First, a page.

Many investors think that growth and income are mutually exclusive. As growth stocks invest most of their profits in, well, growth, it’s believed that dividends are mostly the domain of stable blue chip stocks, or REITs. There is a certain amount of truth to that. Ultra high growth sectors like cannabis are less likely to pay dividends than more mature industries, such as banking. But that doesn’t mean you can’t find growth and income in one package.
In fact, the TSX abounds with stocks that are growing at or near double digits while also paying dividends. And these stocks just so happen to be among the best TSX performers overall. The first is a bank stock that almost everyone will be familiar with.
In its most recent quarter, TD’s adjusted EPS was $1.63, compared with $1.36 in the same quarter a year before. That’s a 19% growth rate. The company’s GAAP earnings growth was lower, but I’m inclined to favour the adjusted number here, as it excludes a non-recurring charge that won’t affect the company’s long term outlook. The company’s U.S. retail business grew especially well, at 44% year-over-year. TD still has plenty of room to grow in the U.S., so continued growth in that market could send overall growth higher. Despite all this growth, TD pays a dividend that yielded 3.9% as of this writing.
Canadian Tire Corp (TSX:CTC.A)
Canadian Tire is one of Canada’s most ubiquitous companies. Known for its retail stores, it has since branched out to clothing by buying up brands like Marks and Helley Hansen. In its most recent quarter, Canadian Tire’s revenue was up 11%, while net income was up 15% and diluted EPS was up 22%. That’s solid growth, but it doesn’t come at the cost of income: Canadian Tire paid a dividend that yielded about 2.82% at the time of this writing.
Alimentation Couche-Tarde (TSX:ATD.A)
Last but not least, we have Alimentation Couche-Tard, the operator of Couche-Tard and Circle K convenience stores. In its most recent quarter, revenue came in at $3.5 billion, an 11% increase over the same quarter a year before. Same-store sales also increased by 4.4% in the U.S., 4.6% in Europe and 5.1% in Canada.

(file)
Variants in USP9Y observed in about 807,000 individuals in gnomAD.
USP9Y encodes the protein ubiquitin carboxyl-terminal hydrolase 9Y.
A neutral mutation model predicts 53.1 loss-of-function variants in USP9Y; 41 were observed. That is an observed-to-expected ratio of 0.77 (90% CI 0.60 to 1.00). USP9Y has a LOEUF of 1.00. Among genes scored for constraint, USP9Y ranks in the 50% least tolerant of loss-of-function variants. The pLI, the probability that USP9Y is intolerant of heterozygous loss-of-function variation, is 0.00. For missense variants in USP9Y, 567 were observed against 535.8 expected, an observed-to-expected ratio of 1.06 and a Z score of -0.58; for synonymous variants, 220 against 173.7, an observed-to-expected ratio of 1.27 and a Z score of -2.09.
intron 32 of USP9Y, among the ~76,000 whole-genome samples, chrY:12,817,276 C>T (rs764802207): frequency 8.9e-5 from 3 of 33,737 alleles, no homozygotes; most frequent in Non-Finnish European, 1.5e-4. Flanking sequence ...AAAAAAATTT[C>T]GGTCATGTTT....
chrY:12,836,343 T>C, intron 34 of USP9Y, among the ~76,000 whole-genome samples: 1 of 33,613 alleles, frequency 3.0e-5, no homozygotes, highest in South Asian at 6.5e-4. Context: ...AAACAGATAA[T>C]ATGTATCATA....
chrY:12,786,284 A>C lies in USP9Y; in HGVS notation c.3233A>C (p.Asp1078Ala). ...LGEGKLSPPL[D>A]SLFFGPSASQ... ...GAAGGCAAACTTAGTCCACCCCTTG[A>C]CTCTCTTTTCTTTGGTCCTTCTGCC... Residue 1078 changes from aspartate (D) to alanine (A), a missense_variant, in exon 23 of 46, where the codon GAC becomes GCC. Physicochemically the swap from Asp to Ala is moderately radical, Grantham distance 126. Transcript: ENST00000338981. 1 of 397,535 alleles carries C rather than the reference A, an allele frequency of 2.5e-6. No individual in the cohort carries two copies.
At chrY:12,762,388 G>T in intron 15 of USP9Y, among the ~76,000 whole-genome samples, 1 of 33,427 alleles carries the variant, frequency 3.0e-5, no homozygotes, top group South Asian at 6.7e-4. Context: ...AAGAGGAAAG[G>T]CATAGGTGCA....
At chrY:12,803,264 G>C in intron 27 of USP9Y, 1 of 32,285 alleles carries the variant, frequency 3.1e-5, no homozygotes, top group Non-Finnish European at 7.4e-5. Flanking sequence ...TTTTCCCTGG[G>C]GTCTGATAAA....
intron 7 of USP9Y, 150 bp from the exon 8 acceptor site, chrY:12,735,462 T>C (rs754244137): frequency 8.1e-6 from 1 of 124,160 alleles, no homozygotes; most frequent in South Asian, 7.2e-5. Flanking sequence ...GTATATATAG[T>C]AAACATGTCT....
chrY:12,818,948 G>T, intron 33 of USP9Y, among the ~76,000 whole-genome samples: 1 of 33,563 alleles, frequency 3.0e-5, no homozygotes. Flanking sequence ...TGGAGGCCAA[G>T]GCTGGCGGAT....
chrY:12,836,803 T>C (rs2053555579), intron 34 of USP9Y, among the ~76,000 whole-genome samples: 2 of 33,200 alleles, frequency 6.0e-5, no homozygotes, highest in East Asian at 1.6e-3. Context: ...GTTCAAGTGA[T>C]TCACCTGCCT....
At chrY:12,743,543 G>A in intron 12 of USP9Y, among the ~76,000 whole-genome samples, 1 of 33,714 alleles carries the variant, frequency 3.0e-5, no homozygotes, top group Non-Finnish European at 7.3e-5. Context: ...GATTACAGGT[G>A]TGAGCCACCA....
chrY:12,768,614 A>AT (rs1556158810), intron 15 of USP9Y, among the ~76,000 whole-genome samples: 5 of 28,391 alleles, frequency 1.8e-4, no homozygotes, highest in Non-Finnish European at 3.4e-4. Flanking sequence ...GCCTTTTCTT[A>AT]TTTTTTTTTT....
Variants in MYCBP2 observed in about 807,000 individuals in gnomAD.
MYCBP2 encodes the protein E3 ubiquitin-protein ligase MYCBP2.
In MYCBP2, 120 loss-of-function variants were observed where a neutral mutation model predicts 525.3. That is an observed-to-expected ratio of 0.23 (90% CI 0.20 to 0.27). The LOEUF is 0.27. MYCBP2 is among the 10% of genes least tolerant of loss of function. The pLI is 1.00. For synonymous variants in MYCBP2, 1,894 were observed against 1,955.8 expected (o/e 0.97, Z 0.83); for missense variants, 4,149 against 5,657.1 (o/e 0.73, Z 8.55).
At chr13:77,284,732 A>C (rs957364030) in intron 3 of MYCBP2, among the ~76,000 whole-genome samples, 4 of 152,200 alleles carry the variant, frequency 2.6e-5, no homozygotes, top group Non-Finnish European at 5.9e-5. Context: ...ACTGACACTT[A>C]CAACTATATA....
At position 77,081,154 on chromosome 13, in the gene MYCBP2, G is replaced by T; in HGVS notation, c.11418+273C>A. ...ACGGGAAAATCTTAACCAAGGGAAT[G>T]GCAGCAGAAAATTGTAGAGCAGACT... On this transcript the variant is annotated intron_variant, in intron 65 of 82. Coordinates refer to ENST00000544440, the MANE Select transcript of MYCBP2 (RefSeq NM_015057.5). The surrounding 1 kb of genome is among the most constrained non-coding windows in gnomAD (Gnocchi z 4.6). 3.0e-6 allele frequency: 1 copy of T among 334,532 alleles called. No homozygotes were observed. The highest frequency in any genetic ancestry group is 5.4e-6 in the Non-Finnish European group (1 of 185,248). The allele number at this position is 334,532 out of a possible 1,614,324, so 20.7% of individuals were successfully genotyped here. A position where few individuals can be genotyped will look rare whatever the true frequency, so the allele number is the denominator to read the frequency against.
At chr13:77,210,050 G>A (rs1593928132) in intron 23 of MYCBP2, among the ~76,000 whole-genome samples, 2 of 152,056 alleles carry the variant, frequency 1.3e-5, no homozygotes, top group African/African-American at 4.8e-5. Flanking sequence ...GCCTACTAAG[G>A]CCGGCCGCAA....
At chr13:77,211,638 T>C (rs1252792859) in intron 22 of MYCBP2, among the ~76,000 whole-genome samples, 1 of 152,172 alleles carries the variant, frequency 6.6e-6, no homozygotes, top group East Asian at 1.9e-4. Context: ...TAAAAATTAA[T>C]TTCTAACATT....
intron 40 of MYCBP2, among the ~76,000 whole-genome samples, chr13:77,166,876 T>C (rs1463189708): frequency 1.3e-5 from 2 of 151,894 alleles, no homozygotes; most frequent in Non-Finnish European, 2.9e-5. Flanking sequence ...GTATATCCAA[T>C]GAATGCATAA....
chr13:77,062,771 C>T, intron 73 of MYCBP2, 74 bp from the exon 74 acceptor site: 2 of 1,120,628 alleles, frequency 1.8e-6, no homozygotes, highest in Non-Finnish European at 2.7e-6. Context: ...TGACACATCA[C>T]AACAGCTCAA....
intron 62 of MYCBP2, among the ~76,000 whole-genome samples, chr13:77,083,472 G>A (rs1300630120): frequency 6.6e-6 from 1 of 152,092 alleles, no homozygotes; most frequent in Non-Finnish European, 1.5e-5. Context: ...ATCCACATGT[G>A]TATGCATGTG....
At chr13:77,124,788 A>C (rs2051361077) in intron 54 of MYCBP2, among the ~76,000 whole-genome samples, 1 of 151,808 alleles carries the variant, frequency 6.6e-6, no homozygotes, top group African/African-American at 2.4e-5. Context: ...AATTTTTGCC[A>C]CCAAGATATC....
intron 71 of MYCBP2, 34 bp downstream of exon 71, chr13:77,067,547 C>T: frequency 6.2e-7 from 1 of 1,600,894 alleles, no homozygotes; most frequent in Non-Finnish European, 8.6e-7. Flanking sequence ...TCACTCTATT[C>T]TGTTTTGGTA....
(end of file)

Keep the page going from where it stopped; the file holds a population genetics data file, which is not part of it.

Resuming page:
This is a steadily growing enterprise, and it also pays a dividend: although the yield is low at 0.59%, it’s been steadily growing over the years. Alimentation is also noteworthy for having ended 2018 with a positive return, while the TSX shed 11.6% of its value in the same period. Over a five-year time frame, the stock has done even better, rising from $26.41 to $71.79 — a great performer by any stretch of the imagination.
Growth investing and dividend investing needn’t necessarily be at odds. Although they can be hard to find, there are plenty of stocks posting double-digit growth while giving investors a cut of the proceeds. If you don’t want to compromise on either side of the growth/income dichotomy, any of the stocks mentioned in this article would be a worthy pick.
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This article represents the opinion of the writer, who may disagree with the “official” recommendation position of a Motley Fool premium service or advisor. We’re Motley! Questioning an investing thesis — even one of our own — helps us all think critically about investing and make decisions that help us become smarter, happier, and richer, so we sometimes publish articles that may not be in line with recommendations, rankings or other content.
Fool contributor Andrew Button has no position in any of the stocks mentioned. Alimentation Couche-Tard is a recommendation of Stock Advisor Canada.